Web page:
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    Politicians and Pierluisi himself have expressed concern that continuing political uncertainty could damage Puerto Rico's efforts to get federal funds to recover from the hurricane and confront the economic crisis.

    Several legislators have accused Pierluisi of a conflict of interest because he worked for a law firm that represents the control board, which has repeatedly clashed with local officials over demands for austerity measures.

    Pierluisi, whose brother-in-law is the board's chairman, tried to dispel those concerns in his opening remarks.

    "Who better than me to advocate for our people before the board? Who better than me to facilitate the process that will force the board to leave? That is what we all want," he said. 

    The board was created by the US Congress to oversee the restructuring of more than $70bn in public debt after Puerto Rico declared a form of bankruptcy.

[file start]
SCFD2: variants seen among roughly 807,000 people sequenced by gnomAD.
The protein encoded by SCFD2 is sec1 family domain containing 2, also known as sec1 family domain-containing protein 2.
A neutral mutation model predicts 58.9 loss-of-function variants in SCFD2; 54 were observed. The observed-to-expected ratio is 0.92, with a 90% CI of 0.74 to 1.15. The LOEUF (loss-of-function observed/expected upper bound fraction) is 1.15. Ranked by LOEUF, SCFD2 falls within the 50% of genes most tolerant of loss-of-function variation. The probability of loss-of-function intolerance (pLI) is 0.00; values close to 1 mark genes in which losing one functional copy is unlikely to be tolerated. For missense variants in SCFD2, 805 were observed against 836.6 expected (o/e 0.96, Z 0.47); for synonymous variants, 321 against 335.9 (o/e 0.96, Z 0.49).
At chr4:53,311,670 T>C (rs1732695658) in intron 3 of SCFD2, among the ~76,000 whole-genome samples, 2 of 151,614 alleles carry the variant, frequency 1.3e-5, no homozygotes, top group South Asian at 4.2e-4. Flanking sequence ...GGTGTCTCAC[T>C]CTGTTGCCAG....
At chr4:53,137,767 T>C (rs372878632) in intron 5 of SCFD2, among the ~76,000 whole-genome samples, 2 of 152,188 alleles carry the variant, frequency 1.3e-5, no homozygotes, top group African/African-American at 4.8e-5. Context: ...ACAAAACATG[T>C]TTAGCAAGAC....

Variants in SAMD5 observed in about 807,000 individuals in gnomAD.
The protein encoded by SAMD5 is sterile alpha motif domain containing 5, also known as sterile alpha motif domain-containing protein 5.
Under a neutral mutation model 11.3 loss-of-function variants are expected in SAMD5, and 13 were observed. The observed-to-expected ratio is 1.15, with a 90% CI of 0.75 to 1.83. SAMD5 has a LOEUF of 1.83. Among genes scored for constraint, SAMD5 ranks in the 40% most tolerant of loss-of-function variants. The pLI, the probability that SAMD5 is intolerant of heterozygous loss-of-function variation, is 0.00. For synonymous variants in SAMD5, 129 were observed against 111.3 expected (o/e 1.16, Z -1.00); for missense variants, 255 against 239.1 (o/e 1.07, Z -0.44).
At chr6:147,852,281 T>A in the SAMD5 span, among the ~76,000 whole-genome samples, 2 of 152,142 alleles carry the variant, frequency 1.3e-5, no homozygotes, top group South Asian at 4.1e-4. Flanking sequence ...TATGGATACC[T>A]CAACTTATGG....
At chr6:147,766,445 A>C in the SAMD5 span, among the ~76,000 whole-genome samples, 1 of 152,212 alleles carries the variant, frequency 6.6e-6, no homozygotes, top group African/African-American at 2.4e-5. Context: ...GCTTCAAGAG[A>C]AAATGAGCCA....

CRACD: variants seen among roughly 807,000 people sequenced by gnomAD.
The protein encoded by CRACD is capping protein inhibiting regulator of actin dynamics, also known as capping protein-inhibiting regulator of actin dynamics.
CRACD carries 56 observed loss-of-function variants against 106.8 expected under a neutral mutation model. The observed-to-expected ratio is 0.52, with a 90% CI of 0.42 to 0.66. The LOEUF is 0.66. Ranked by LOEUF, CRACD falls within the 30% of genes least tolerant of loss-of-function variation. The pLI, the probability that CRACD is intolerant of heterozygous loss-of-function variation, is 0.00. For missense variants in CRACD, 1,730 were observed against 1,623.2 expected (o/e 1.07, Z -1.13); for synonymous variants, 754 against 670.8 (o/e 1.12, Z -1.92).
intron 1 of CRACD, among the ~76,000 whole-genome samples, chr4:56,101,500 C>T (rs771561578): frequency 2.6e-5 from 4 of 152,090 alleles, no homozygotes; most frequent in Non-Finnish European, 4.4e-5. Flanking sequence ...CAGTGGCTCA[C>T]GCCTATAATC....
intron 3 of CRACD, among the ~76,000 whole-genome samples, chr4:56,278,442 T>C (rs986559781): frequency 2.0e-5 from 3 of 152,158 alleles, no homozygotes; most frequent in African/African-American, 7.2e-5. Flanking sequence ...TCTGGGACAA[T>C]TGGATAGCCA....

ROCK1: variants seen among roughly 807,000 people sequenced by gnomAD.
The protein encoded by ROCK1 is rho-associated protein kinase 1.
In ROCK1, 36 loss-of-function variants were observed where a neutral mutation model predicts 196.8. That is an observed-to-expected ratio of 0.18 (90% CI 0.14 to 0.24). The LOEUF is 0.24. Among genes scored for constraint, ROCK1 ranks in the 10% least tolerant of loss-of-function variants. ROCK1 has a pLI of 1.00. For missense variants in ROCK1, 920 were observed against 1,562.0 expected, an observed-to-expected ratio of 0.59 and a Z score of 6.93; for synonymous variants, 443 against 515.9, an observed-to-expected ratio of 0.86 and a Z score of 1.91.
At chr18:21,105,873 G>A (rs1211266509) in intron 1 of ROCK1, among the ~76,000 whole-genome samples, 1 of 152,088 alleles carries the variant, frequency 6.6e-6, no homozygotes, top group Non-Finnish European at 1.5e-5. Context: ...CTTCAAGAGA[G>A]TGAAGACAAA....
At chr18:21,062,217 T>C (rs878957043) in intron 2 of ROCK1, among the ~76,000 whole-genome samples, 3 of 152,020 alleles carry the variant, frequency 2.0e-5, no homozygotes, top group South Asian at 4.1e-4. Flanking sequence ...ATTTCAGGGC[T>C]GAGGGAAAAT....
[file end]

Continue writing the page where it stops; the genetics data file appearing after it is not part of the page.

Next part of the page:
Pierluisi told politicians that he is against several austerity measures demanded by the board, including laying off public employees and eliminating a Christmas bonus.

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    He said he supports public-private partnerships and the privatisation of the island's public power company.

    "The people want a change, and I don't blame them," he said. 

    A key obstacle for Pierluisi has been Schatz, who wants to run for governor himself next year.

    Several legislators have said they prefer Schatz over Pierluisi, but the Senate leader is a powerful figure deeply associated with Puerto Rico's political and business elite, and his elevation to the governorship could reignite popular outrage.

    Pierluisi was Puerto Rico's non-voting representative in Congress from 2009 to 2017 and then ran against Rossello in the 2016 primaries and lost.

    He also served as justice secretary under Rossello's father, Pedro Rossello, when he was governor.

    Additional reporting by Elizabeth Melimopoulos.

    SOURCE: Al Jazeera and news agencies